Another contradiction involved women's domestic roles. In their youth, women received an unprecedented degree of freedom; increasing numbers attended school and worked, at least temporarily, outside a family unit. After marriage, however, women were expected to sacrifice their individuality for their family' sake. In a society that attached increasing value to individualism and equality, the expectation that women should subordinate themselves to their husbands and children was a source of latent tension. Women's subordinate status might be cloaked with an ideology of separate spheres and true womanhood, but the contradiction with the ideal of equality remained. A third contradiction involved the status of children, who remained home far longer than in the past, often into their late teens and twenties. The emerging ideal was a protected childhood, shielding children from knowledge of death, sex, and violence. While in theory families were training children for independence, in reality, children received fewer opportunities than in the past to express their growing maturity. The result was that the transition from childhood and youth to adulthood became more disjunctive and conflict-riven.

These latent contradictions were apparent in three striking developments: a sharp fall in the birth rate, a marked and steady rise in the divorce rate, and a heightened cultural awareness of domestic violence. The early nineteenth century saw the beginnings of a sharp fall in the birth rate. Instead of giving birth to seven to ten children, middle class mothers, by the end of the century, gave birth to only three. The reduction in birthrates did not depend on new technologies; rather, it reflected the view that women were not childbearing chattel and that children were no longer economic assets. An emerging ideology deemed children to be priceless, but the fact remained that the young now required greater parental investments in the form of education and other inputs.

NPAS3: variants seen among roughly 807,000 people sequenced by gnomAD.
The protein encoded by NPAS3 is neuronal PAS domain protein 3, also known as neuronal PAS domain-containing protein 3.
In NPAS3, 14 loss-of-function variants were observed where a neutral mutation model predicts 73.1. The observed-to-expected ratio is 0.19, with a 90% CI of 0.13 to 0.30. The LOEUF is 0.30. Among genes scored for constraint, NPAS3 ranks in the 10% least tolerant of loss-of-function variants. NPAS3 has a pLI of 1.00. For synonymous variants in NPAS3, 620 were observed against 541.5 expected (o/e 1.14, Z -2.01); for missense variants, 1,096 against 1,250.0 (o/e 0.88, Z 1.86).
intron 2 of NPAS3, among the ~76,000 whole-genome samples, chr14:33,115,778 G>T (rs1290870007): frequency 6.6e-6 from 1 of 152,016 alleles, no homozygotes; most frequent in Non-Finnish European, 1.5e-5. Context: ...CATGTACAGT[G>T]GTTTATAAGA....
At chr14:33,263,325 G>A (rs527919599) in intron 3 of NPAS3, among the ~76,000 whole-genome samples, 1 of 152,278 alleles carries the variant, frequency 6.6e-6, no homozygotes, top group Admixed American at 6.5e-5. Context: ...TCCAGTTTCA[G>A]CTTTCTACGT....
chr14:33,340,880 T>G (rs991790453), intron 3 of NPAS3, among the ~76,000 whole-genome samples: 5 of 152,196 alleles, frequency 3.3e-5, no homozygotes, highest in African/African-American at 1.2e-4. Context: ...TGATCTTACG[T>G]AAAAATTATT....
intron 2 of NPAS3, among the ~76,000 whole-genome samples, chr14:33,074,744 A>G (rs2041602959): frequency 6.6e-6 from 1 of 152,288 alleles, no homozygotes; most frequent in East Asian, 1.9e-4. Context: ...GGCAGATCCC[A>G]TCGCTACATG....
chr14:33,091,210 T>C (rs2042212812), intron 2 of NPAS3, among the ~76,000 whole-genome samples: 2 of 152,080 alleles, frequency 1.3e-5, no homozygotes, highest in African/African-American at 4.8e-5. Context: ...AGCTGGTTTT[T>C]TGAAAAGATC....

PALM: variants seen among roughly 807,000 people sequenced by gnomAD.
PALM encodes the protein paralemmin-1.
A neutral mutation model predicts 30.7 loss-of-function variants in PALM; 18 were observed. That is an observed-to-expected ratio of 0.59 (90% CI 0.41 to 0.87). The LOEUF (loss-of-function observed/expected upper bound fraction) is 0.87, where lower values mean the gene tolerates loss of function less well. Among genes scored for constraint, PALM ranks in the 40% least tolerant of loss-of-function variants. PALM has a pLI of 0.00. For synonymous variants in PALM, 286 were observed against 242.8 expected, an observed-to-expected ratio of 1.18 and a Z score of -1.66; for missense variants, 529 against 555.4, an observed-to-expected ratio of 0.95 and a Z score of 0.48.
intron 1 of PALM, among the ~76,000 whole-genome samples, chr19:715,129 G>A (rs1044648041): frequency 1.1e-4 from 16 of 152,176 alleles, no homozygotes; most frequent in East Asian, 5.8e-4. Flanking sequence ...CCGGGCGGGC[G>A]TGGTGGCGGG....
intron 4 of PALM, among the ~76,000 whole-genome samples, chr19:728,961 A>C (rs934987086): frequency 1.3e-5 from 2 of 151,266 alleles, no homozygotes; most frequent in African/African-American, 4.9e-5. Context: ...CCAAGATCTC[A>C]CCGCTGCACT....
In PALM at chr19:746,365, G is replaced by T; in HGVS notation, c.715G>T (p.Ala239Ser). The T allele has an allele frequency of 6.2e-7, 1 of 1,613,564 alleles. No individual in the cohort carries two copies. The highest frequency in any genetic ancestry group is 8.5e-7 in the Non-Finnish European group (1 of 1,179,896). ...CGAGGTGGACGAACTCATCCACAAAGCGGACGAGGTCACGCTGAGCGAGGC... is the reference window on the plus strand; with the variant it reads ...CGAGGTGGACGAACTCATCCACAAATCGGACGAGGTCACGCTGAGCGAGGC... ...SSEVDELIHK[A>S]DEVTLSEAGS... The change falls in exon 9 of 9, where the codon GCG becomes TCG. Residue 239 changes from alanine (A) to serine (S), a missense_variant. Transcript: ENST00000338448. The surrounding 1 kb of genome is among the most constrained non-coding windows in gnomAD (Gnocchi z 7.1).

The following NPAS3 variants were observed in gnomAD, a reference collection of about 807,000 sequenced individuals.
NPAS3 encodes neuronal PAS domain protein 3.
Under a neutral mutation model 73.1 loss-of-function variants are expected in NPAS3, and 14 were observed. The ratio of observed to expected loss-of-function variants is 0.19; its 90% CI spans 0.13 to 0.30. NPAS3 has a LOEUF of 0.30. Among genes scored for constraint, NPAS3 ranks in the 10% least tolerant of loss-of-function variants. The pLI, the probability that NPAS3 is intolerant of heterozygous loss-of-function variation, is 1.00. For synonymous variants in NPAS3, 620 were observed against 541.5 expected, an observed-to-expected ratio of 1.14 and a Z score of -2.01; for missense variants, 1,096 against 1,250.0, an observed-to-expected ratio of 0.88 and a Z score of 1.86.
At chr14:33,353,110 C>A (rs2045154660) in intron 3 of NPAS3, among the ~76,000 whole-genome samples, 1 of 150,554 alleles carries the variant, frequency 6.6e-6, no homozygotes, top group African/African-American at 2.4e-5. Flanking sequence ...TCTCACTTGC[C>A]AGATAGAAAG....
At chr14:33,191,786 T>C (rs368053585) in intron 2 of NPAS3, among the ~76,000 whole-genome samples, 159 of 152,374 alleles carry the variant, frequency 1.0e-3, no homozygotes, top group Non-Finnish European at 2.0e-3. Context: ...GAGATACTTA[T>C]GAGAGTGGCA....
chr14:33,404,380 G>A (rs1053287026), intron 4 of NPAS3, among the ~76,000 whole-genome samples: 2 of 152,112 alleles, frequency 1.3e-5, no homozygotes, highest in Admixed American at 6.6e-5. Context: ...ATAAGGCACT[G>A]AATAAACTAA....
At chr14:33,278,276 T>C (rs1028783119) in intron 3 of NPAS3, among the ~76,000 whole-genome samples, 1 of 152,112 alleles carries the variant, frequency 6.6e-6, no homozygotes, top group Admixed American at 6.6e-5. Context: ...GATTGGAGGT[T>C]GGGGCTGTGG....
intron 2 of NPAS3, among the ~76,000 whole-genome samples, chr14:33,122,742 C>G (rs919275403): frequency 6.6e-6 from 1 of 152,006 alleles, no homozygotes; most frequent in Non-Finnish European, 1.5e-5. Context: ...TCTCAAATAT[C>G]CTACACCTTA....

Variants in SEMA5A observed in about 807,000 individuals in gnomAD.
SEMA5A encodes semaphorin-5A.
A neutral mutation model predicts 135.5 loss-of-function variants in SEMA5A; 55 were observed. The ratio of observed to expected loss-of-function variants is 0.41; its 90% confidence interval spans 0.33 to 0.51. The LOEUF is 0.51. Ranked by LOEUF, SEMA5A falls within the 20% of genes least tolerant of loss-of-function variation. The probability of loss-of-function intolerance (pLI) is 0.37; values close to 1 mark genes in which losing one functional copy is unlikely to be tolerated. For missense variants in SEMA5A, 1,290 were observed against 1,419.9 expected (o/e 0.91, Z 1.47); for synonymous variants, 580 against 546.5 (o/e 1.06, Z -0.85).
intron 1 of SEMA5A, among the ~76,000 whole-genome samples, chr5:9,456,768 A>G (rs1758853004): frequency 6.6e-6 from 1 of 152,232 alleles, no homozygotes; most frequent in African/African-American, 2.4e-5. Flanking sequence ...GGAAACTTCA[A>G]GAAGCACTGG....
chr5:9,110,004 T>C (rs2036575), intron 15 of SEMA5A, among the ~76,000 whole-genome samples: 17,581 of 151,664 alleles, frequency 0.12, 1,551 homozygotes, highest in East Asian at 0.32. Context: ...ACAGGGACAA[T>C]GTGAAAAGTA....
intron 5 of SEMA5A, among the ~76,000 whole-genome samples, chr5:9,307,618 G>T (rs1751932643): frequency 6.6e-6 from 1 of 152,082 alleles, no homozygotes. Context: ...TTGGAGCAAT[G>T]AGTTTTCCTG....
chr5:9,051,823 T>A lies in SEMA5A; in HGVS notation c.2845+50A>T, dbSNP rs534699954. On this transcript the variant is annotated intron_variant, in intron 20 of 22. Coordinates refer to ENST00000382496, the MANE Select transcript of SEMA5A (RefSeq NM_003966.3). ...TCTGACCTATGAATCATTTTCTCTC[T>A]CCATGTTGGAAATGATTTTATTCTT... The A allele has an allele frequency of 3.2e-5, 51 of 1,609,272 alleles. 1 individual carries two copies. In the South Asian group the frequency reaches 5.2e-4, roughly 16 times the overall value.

During the early and mid-nineteenth century, the divorce rate also began to rise, as judicial divorce replaced legislative divorce and many states adopted permissive divorce statutes. If marriages were to rest on mutual affection, then it divorce had to serve as a safety valve from loveless and abusive marriages. In 1867, the country had 10,000 divorces, and the rate rose steadily: from per thousand marriages in 1870, to per thousand in 1880, to per thousand in 1890.

A growing awareness of wife beating and child abuse also occurred in the early nineteenth century, which may have reflected an actual increase in assaults and murders committed against blood relatives. As families became less subject to communal oversight, as traditional assumptions about patriarchal authority were challenged, and as an expanding market economy produced new kinds of stresses, the family could become an arena of explosive tension, conflict, and violence.